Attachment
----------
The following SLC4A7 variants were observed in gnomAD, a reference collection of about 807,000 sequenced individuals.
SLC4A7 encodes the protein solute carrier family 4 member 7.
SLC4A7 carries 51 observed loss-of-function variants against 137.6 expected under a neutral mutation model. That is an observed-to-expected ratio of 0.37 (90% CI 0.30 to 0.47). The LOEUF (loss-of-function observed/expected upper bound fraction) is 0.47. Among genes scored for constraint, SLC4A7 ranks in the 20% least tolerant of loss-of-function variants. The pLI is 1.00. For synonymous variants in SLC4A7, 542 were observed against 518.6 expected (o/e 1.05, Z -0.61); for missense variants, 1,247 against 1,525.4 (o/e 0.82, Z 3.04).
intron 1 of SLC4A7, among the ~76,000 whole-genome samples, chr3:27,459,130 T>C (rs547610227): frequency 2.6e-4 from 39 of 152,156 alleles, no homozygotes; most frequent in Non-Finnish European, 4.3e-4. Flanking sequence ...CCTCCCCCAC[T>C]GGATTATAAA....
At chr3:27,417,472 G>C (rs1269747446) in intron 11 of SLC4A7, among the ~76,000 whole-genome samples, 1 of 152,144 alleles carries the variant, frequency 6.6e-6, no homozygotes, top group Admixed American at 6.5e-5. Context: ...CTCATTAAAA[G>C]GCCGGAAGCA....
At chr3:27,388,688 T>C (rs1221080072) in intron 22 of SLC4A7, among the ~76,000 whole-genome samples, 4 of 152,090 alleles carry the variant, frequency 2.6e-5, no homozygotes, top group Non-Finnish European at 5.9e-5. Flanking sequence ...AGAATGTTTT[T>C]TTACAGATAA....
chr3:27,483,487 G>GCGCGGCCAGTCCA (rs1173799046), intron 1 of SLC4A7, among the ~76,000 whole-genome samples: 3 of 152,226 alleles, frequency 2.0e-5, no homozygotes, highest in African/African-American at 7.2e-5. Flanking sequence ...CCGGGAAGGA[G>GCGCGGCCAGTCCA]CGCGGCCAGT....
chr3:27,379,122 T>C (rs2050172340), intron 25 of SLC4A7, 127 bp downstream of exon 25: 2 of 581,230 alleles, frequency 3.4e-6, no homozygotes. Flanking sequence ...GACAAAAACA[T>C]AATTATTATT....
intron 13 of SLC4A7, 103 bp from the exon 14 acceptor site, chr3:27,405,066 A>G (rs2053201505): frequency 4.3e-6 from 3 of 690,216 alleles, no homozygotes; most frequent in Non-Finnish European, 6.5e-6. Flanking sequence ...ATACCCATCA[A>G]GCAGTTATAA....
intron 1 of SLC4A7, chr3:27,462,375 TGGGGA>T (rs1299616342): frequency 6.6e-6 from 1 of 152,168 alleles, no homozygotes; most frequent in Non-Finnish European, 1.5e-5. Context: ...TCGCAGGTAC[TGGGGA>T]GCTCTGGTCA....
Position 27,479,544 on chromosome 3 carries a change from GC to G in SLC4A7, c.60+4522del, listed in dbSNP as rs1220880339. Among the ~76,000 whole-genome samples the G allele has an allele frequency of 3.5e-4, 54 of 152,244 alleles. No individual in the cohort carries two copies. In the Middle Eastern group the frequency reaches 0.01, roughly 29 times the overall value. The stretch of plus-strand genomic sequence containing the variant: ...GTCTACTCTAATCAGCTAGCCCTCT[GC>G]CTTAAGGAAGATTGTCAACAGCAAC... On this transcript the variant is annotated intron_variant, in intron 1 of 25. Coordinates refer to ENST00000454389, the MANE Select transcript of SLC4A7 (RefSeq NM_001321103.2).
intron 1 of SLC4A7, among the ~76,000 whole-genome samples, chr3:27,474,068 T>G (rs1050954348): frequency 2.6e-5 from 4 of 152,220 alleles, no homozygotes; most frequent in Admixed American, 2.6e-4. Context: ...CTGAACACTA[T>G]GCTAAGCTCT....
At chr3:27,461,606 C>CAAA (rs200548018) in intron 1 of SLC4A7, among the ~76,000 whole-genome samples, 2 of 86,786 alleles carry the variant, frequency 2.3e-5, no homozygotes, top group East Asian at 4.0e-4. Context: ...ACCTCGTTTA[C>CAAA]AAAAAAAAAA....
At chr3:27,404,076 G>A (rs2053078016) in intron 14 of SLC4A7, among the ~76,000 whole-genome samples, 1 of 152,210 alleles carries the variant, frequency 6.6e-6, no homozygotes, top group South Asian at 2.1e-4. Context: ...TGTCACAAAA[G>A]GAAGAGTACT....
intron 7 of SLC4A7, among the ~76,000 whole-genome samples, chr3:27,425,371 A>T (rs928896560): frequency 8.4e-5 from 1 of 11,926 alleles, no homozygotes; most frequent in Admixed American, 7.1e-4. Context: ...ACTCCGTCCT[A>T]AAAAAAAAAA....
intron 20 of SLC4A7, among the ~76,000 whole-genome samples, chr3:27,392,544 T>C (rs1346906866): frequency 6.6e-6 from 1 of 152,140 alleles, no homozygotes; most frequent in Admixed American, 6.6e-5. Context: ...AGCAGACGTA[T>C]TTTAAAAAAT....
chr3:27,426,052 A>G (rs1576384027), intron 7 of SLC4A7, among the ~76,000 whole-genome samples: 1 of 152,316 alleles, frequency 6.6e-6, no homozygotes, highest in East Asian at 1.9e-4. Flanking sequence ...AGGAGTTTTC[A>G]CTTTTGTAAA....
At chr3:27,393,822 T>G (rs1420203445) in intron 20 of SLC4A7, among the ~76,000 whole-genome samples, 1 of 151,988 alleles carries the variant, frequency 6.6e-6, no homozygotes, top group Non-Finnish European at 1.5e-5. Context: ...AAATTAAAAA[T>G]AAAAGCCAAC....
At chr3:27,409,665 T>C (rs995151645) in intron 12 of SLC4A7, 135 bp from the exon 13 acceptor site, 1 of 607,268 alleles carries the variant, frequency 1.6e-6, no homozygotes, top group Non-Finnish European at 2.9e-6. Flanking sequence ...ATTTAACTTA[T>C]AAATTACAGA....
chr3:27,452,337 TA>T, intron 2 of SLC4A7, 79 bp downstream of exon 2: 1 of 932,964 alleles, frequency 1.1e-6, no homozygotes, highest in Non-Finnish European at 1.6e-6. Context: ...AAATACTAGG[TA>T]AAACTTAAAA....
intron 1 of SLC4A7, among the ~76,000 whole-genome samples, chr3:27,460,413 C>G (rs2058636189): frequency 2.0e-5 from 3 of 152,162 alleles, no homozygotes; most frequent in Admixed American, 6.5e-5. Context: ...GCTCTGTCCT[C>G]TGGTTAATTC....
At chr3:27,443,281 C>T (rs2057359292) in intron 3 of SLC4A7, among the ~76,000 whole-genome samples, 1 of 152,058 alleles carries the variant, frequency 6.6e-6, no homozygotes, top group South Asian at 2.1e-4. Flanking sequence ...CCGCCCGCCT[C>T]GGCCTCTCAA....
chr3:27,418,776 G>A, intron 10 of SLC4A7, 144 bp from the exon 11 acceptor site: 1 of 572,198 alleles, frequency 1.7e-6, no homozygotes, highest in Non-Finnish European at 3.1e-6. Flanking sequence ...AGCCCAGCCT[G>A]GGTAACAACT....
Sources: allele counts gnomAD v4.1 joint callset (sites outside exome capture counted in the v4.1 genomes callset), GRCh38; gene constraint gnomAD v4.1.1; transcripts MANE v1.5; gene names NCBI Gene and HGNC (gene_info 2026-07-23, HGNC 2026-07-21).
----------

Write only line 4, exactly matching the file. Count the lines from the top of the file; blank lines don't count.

intron 1 of SLC4A7, among the ~76,000 whole-genome samples, chr3:27,459,130 T>C (rs547610227): frequency 2.6e-4 from 39 of 152,156 alleles, no homozygotes; most frequent in Non-Finnish European, 4.3e-4. Flanking sequence ...CCTCCCCCAC[T>C]GGATTATAAA....